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  1. 1. Tiếp cận bệnh nhi sốc
  2. 2. Definition • Pediatric shock is a condition that occurs when the delivery of oxygen and nutrients to the organs and tissues of the body is compromised.
  3. 3. Type and Severity • Type: - Hypovolemic Shock - Obstructive Shock - Distributive/Septic Shock - Cardiogenic Shock • Severity: - Compensated Shock: Normal systolic BP, decreased level of consciousness, cool extremities with delayed capillary refill, and faint or non-palpable distal pulses - Hypotensive Shock: Hypotension with signs of shock
  4. 4. Understanding Shock Shock results from a failure in one or more of the components involved in the tissue oxygen delivery process. • Sufficient cardiac output that provides enough oxygen saturated blood to meet the demands of the tissues and organs of the body. (click for full explanation) • Adequate hemoglobin concentration with sufficiently oxygen saturated hemoglobin. (click for full explanation) • Proper distribution of the blood to appropriate organs and tissues. (click for full explanation)
  5. 5. Cardiac output • CO = HR x SV. Three factors that influence stroke volume are preload, afterload, and contractility. • Inadequate preload: severe dehydration, hemorrhage, or vasodilation. • Inadequate contractility: myocarditis, drug or toxin overdose, and possibly hypoglycemia. • Increase in afterload (rarely) caused by severe pulmonary hypertension and congenital aortic abnormalities
  6. 6. • Cardiac output has a direct effect upon the progression or improvement of shock. • Cardiac output = stroke volume (preload, afterload, and contractility) x heart rate • Summary sentence: If you change heart rate, preload, afterload, or contractility, you alter cardiac output.
  7. 7. Recognition of Pediatric Shock • Tachycardia: • Increased Systemic Vascular Resistance (Vasoconstriction) — slowed capillary refill, — cool, pale, and mottled skin — weak peripheral pulses — decreased urine output • Increased Cardiac Contractility: • Blood Pressure
  8. 8. Blood pressure • In children, the compensatory mechanism of increased systemic vascular resistance can be very effective at maintaining systolic blood pressure. However, because of the increase in systemic vascular resistance (SVR), diastolic pressure is typically elevated. The increased SVR causes a narrowed pulse pressure which is the difference between the systolic and diastolic blood pressure • Blood pressure may remain normal, and a critically ill child may still have signs of shock. However, it is likely that there will be a narrowed pulse pressure.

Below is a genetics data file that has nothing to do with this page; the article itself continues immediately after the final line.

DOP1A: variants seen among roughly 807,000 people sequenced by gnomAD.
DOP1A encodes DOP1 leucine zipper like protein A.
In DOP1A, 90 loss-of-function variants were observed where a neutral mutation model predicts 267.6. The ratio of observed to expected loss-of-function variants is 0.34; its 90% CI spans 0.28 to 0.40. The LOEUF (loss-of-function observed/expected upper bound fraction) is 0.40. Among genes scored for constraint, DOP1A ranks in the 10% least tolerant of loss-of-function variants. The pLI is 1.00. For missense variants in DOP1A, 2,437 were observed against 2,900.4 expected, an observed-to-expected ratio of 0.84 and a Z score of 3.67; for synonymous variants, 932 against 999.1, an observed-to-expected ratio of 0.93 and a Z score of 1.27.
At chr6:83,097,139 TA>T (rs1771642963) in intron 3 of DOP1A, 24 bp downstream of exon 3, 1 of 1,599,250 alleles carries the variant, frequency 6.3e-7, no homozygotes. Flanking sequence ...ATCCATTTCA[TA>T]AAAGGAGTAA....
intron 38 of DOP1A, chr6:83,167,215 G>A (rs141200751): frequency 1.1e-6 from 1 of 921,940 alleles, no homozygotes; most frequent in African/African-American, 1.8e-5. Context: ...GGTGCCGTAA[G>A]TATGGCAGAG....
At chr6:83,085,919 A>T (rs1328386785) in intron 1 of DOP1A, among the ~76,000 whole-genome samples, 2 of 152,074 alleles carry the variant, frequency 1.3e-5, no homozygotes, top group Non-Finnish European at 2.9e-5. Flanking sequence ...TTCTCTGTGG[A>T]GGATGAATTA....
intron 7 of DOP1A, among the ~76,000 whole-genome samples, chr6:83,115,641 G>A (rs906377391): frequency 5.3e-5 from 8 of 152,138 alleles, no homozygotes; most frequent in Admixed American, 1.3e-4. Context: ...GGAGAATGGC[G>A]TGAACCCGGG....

9. 9. Progession of shock The progression of shock is unpredictable in the pediatric population, and observing for changes in signs and symptoms can help detect shock progression.
  10. 10. Treatment of shock
  11. 11. General actions • Improve cardiac output —Fluid resuscitation —Vasopressors • Improve the level of oxygen in the blood —FiO2 100% —Blood transfusion • Decrease the body’s oxygen demand —Fever —Pain, anxiety • Normalize metabolic and electrolyte imbalances —Metabolic acidosis —Hypoglycemia —Hypocalcemia —Hyperkalemia
  12. 12. Laboratory Values for Evaluation of Shock • Lactate (Lactic Acid) • Normal arterial lactate levels are < 2 mmol/L • Complete Blood Count (CBC) • Hb: indicator of blood and/or fluid loss, help determine fluid resuscitation effects and blood transfusion • WBC • PLT: indicator of decreased PLT production and DIC • Arterial Blood Gas • Potassium • Ionized Calcium • Central venous oxygen saturation (ScvO2) • Glucose
  13. 13. Types of shock
  14. 14. Hypovolemic shock
  15. 15. Signs & Symptoms of Pediatric Hypovolemic Shock • A: Typically the Airway of the child with hypovolemic shock will not be significantly affected. • B: The patient may experience some Breathing changes and this may be recognized by a nonlabored tachypenea. • C: The most notable changes will likely be seen with circulation. These circulation changes include tachycardia, narrowing pulse pressure, possible systolic hypotension, capillary refill time > 2 seconds, cool/pale skin, weak to absent peripheral pulses, reduced urine output. • D: Disability or neurological changes include decreased level of consciousness. • E: Exposing the patient to observe the child’s skin and extremities will often reveal cool, pale, and mottled extremities.